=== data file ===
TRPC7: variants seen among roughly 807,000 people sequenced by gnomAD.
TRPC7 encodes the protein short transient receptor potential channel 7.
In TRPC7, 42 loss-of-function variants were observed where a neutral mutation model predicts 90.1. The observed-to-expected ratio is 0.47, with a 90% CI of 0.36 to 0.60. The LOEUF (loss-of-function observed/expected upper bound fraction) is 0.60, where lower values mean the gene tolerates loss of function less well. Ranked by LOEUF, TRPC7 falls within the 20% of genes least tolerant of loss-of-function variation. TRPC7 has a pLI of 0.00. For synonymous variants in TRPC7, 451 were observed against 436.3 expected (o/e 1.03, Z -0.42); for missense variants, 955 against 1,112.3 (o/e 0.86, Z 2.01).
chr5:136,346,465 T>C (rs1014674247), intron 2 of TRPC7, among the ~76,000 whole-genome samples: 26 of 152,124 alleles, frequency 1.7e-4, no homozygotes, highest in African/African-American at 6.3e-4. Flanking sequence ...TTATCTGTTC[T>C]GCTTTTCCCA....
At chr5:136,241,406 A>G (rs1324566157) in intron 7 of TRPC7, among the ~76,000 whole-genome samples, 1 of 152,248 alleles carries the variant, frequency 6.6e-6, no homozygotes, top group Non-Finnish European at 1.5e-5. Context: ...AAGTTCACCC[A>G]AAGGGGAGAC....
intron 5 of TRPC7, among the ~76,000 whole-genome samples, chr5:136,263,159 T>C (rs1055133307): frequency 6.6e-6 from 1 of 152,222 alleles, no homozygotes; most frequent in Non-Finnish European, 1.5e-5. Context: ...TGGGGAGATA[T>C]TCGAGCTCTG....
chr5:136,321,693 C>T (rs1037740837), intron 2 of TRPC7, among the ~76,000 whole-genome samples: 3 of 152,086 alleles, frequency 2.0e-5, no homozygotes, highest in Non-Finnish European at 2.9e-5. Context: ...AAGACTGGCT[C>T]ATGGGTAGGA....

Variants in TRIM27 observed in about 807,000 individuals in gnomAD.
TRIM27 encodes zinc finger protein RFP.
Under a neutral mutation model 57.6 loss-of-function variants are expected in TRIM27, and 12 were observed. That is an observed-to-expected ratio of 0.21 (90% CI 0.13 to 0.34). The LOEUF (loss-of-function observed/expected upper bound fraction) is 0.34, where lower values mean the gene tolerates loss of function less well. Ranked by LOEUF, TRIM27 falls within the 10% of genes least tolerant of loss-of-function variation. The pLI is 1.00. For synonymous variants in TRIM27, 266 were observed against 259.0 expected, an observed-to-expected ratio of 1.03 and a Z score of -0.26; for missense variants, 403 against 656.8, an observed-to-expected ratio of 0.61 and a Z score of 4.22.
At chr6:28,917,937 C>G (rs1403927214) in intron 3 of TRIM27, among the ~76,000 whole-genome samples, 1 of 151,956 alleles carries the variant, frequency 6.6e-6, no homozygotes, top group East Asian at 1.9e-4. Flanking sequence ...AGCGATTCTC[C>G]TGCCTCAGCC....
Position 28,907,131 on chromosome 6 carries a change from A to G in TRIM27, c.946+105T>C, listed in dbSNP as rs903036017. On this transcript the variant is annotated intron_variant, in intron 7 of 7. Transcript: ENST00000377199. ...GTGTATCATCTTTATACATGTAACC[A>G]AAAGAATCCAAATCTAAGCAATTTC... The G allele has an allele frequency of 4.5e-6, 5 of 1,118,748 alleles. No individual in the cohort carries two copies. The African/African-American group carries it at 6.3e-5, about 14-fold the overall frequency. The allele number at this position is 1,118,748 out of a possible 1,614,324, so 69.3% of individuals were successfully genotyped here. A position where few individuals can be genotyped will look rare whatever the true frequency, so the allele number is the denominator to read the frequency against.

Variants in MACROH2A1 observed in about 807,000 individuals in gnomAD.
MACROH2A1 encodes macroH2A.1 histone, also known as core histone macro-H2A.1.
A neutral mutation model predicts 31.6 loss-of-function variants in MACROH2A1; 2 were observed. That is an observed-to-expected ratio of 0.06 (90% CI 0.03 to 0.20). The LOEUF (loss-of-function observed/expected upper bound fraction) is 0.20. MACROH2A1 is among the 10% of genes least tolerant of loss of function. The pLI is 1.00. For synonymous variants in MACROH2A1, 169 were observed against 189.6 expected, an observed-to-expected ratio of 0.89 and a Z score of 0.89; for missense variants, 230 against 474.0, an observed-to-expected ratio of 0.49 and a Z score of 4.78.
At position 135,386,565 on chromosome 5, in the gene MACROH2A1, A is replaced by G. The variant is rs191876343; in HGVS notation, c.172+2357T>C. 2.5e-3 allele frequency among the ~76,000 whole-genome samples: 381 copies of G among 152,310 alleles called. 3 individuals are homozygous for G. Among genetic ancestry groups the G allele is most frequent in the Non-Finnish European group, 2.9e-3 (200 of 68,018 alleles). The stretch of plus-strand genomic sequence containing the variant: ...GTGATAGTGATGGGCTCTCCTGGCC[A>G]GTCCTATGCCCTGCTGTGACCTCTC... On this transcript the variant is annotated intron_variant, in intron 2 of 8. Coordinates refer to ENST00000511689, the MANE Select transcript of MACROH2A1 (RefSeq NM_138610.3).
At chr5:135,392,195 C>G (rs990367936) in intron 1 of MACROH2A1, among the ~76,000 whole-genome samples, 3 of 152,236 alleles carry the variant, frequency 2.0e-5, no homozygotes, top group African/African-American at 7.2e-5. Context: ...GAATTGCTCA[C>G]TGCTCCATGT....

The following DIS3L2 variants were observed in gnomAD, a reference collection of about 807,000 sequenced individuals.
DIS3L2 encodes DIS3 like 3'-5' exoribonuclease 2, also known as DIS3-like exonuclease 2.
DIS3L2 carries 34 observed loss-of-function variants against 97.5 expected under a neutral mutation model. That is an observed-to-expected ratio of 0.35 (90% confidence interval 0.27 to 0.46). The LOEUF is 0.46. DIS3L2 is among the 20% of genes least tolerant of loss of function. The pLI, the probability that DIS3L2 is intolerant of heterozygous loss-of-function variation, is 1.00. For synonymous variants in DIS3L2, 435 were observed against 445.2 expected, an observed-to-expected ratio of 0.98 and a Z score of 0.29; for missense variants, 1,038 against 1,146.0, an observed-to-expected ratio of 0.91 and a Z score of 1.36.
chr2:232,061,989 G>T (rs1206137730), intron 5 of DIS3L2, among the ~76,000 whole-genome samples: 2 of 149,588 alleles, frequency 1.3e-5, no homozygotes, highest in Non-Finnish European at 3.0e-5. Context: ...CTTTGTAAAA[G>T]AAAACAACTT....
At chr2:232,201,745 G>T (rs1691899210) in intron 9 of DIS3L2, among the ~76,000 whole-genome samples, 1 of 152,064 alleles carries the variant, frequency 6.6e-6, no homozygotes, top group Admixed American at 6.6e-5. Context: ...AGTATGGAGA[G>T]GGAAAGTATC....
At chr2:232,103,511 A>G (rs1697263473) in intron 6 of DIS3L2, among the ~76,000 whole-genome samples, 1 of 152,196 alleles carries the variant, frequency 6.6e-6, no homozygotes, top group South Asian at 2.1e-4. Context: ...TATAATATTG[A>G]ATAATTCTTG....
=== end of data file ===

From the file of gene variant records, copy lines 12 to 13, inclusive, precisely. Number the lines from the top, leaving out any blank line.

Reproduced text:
Position 28,907,131 on chromosome 6 carries a change from A to G in TRIM27, c.946+105T>C, listed in dbSNP as rs903036017. On this transcript the variant is annotated intron_variant, in intron 7 of 7. Transcript: ENST00000377199. ...GTGTATCATCTTTATACATGTAACC[A>G]AAAGAATCCAAATCTAAGCAATTTC... The G allele has an allele frequency of 4.5e-6, 5 of 1,118,748 alleles. No individual in the cohort carries two copies. The African/African-American group carries it at 6.3e-5, about 14-fold the overall frequency. The allele number at this position is 1,118,748 out of a possible 1,614,324, so 69.3% of individuals were successfully genotyped here. A position where few individuals can be genotyped will look rare whatever the true frequency, so the allele number is the denominator to read the frequency against.

Variants in MACROH2A1 observed in about 807,000 individuals in gnomAD.